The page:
Events like the September 2000 discovery of biologically engineered corn in fast food tortillas have focused media attention and stirred controversy about genetically modified organisms. While new approaches in agricultural biotechnology have improved crop quality and yield, the incorporation of genes from other organisms into food plants has raised concerns about possible health risks and environmental consequences. A new report from the American Academy of Microbiology (AAM) looks at the case of a bacterium called Bacillus thuringiensis (Bt) and its use in agriculture in a careful examination of what we know--and what we need to know--about transgenic plants.
The document, "100 Years of Bacillus thuringiensis: A Critical Scientific Assessment," follows the experience with Bt since it was discovered over 100 years ago as a cause of disease in Japanese silkworms. Bt insecticides, made of bacterial spores and protein crystals, have been applied to crops in spray products since the 1940s. In 1987, researchers discovered that the insecticidal crystal protein (ICP) genes from Bt could be introduced into plants to produce pest-resistant crops. It is now estimated that 12 million hectares, or about 29,652,000 acres, of insect-protected crops with Bt ICPs are planted worldwide each year. Corn and cotton are most common, but the release of Bt rice, soybeans, canola and some fruits and vegetables is expected soon.
Bt crops, the report says, have many positive effects. Reducing insect damage with insecticidal proteins reduces fungal toxins in the food supply, while better crops improve farmers' livelihood. Replacing chemical pesticides has reduced toxic hazards to the environment and to farm-workers. Yet concerns related to Bt crops include the potential for harm to organisms other than the insects targeted by Bt, the development of Bt-resistant insects, the possibility of toxicity or allergenic properties in Bt crops or their pollen, and the consequences of gene flow to related wild plants or other organisms.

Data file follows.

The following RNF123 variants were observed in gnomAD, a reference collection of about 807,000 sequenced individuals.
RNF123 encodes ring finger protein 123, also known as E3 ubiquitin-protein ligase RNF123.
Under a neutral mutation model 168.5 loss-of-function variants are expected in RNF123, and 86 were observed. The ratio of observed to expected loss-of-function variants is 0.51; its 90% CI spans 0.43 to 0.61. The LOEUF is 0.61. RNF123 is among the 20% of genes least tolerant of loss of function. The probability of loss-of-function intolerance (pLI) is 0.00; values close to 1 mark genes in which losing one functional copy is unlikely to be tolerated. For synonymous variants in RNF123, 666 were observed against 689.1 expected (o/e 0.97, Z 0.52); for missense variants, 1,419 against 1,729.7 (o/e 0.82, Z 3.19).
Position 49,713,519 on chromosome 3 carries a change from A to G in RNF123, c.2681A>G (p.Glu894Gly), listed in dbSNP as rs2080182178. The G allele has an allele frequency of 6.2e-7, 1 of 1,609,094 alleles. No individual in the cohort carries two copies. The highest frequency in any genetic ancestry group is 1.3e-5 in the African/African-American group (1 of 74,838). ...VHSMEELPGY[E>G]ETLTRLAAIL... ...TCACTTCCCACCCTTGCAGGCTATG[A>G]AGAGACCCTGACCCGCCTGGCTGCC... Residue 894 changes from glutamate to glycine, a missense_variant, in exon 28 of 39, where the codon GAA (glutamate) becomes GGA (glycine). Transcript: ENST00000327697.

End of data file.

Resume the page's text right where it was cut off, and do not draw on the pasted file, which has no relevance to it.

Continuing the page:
The report details the issues, assesses current scientific knowledge, and compares Bt technology to alternatives. It presents the conclusions of twenty-five (25) scientists with expertise in plant biology, microbiology, entomology and ecology brought together in November of 2001 for 21/2 days of in-depth discussion of Bt technology and its intended and unintended outcomes. Specific recommendations are made for future research, evaluation and environmental monitoring, scientific coordination and exchange, and public education.
The American Academy of Microbiology is an honorific leadership group within the American Society for Microbiology (ASM) whose mission is to recognize excellence and foster knowledge in the microbiological sciences. Its programs include convening critical issues colloquia and developing consensus-building position papers that provide expert scientific opinion on current and emerging issues in microbiology.
A full copy of the report can be found online at http://www.asmusa.org/acasrc/pdfs/Btreport.pdf.
The above story is based on materials provided by American Society For Microbiology. Note: Materials may be edited for content and length.
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